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Stepping boldly into the digital future

Sun, 03/31/1996 - 7:00pm
Roger Brown

With two years and $150 million invested in a state-of-the-art facility, Tele-Communications Inc. is finally poised to enter the digital age later this year when its Headend In The Sky (HITS) facility begins beaming digitally compressed video to headends around the country.

Instantly, the advent of digitally compressed video channels can transform a run-of-the-mill, 36-channel cable system into a marketer's dream - a system of more than 100 channels and a full slate of movies that repeat so often they resemble video-on-demand service.

While TCI's own systems will certainly benefit from the HITS service, which promises to save the company millions by transmitting numerous channels over a single satellite transponder, the jury is still out about whether HITS will be a "hit" with other MSOs.

Huge facility

HITS is actually housed in part of TCI's sprawling 260,000-square-foot National Digital Television Center in Denver, where the company has spent tens of millions on digital equipment used to create, edit, transmit and receive video. The NDTC (as TCI insiders call it) is full of potential: it is home to five, full-service studios, each of which has a dedicated control room; numerous graphics workstations; on- and off-line editing suites; and 12 post-production suites.

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TCI's National Digital Television Center, located in Englewood, Colo. Photo courtesy of TCI.

Already, the center originates 15,000 hours of video programming and is the master control center for no fewer than 23 channels, including offerings from Request, Kaleidoscope and Starz!

TCI's top management has grand plans for the NDTC, hoping to make it the "hothouse" where original programming content is fostered and fed to help fill the vast number of new channels that will become available in the digital age. Although TCI has production crews in Los Angeles and New York City, overhead costs in Denver are 30 percent less than in L.A. or the Big Apple-which has already caused several top-flight video and film production crews to relocate to the Rocky Mountain region, according to BJ Raynes, director of market development-digital services at TCI Technology Ventures.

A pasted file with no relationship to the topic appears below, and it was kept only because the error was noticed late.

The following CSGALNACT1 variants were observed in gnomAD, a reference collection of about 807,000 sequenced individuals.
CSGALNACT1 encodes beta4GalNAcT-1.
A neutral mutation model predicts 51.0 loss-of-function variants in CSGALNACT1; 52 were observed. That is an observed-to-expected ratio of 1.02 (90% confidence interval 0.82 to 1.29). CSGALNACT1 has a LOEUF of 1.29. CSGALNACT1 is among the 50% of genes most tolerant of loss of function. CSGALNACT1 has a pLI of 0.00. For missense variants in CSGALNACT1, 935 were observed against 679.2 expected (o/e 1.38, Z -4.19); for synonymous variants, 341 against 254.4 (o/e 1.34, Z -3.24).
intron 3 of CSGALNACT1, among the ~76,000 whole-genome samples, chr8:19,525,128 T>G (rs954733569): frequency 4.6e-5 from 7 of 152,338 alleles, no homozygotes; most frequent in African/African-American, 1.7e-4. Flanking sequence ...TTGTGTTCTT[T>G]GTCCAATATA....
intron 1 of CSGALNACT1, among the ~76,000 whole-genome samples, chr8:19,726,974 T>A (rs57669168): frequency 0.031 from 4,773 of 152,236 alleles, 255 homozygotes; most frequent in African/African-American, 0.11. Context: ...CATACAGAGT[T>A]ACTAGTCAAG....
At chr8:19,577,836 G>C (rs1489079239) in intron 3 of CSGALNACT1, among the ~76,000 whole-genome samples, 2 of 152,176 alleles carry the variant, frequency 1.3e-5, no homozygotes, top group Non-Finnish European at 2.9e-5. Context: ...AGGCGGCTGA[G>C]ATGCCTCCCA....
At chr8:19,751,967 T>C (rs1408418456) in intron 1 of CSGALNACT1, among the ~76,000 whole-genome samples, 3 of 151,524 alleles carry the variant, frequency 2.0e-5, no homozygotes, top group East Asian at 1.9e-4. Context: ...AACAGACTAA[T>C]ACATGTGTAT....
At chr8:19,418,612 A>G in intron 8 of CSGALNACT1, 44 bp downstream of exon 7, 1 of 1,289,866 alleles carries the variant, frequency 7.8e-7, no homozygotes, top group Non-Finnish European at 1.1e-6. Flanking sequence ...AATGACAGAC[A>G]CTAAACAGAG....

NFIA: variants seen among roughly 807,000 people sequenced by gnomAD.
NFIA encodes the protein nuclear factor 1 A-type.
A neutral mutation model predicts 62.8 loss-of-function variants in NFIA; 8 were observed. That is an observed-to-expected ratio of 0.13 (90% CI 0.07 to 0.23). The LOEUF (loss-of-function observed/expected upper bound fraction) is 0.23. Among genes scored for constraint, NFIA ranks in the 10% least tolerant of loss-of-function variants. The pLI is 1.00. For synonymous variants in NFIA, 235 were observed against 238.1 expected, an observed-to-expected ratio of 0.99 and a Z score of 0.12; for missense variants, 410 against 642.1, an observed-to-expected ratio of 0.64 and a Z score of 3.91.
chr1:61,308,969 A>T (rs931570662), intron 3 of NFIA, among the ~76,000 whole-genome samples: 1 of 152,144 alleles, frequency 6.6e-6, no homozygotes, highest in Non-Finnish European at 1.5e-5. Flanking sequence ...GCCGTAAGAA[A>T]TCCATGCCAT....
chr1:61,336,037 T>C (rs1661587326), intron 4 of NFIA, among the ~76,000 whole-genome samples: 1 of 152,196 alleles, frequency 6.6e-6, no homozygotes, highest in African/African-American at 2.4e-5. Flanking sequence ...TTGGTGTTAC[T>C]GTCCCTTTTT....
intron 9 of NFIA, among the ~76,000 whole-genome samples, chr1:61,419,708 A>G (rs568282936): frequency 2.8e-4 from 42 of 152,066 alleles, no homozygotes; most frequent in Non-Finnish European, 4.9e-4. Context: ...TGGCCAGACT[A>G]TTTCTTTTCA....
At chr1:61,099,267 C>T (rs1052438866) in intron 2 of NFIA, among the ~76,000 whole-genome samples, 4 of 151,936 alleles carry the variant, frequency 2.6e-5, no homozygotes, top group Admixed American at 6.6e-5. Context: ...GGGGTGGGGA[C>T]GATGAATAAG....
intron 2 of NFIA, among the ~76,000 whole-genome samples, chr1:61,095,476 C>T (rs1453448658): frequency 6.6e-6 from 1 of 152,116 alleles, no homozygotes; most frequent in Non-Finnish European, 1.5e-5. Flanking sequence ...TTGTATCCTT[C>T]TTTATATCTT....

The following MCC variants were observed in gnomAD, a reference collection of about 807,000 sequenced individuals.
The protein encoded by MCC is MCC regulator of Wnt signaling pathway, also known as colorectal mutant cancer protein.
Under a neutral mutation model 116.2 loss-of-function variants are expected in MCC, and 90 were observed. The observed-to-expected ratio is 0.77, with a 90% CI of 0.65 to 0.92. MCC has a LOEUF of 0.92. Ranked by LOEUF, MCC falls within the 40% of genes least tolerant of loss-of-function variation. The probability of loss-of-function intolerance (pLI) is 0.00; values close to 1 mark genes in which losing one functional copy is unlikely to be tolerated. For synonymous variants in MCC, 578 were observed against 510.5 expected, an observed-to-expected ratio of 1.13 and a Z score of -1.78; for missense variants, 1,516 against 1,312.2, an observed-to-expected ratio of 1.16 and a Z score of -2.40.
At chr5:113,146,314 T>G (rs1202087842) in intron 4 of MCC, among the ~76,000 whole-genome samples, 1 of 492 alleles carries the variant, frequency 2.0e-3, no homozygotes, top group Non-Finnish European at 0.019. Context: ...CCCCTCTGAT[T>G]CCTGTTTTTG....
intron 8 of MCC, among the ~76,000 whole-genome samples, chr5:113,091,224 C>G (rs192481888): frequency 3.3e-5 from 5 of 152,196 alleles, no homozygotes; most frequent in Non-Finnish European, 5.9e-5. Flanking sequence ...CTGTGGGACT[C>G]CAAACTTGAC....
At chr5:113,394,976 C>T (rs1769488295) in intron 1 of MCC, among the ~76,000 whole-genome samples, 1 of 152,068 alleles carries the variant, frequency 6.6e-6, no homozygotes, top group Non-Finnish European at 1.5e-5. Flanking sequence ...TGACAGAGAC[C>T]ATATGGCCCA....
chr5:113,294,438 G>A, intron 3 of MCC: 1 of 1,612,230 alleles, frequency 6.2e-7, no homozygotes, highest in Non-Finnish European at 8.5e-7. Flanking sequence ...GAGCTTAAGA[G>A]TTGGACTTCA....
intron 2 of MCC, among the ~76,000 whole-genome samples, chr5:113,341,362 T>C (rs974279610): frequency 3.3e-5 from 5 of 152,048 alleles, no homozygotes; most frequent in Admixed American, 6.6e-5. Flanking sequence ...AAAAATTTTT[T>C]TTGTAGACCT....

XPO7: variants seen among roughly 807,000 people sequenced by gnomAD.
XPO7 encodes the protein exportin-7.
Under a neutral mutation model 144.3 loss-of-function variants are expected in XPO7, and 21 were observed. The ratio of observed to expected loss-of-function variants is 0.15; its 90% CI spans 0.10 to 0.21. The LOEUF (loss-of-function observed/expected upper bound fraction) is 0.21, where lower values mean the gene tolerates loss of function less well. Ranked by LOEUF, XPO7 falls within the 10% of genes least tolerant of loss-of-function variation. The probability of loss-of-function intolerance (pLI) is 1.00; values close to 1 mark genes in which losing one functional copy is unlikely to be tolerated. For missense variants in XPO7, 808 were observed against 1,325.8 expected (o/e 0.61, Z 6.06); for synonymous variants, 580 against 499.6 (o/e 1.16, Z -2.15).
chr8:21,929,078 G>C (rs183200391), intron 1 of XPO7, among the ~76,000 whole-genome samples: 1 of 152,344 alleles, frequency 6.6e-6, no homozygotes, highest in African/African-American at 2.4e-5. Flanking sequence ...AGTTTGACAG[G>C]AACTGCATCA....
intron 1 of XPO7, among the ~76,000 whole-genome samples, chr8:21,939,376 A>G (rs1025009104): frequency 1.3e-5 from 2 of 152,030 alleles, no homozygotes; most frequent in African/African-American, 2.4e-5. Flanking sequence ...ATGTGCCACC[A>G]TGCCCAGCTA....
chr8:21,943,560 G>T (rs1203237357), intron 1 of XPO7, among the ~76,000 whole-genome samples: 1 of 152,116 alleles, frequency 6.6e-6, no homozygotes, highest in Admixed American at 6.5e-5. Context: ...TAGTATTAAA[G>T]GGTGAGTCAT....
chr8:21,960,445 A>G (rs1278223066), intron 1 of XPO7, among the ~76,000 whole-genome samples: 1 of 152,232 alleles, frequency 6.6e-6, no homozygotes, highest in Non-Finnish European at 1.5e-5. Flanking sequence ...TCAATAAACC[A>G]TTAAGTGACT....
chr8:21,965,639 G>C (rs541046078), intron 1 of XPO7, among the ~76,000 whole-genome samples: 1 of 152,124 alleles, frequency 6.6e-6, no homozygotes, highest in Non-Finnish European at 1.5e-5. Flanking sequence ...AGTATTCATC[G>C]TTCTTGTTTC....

"There's probably no facility in the country that's as full-service as we are," notes Charlie Kennamer, senior director of engineering services at HITS. "From production to uplinking, this truly is one-stop shopping."

The NDTC is tied, via redundant fiber optic Sonet rings, to TCI's 37,000-square-foot Technical Operations Center in the "Starport" uplink center, located about 12 miles southwest of the NDTC. There, 19 earth station antennas up- and down-link programming to satellites. Given its unique geographic position, Starport can one-hop video across both the Atlantic and Pacific oceans.

But where TCI really hopes to recoup its investment is with HITS. Acting as a sort of video broker, TCI can receive satellite programming at the NDTC, digitally encode it and then beam it back over satellite to thousands of headends across the country. This strategy can save smaller cable operators from having to invest heavily in massive amounts of digital headend gear and bring new programming choices to even the most rural cable subscriber.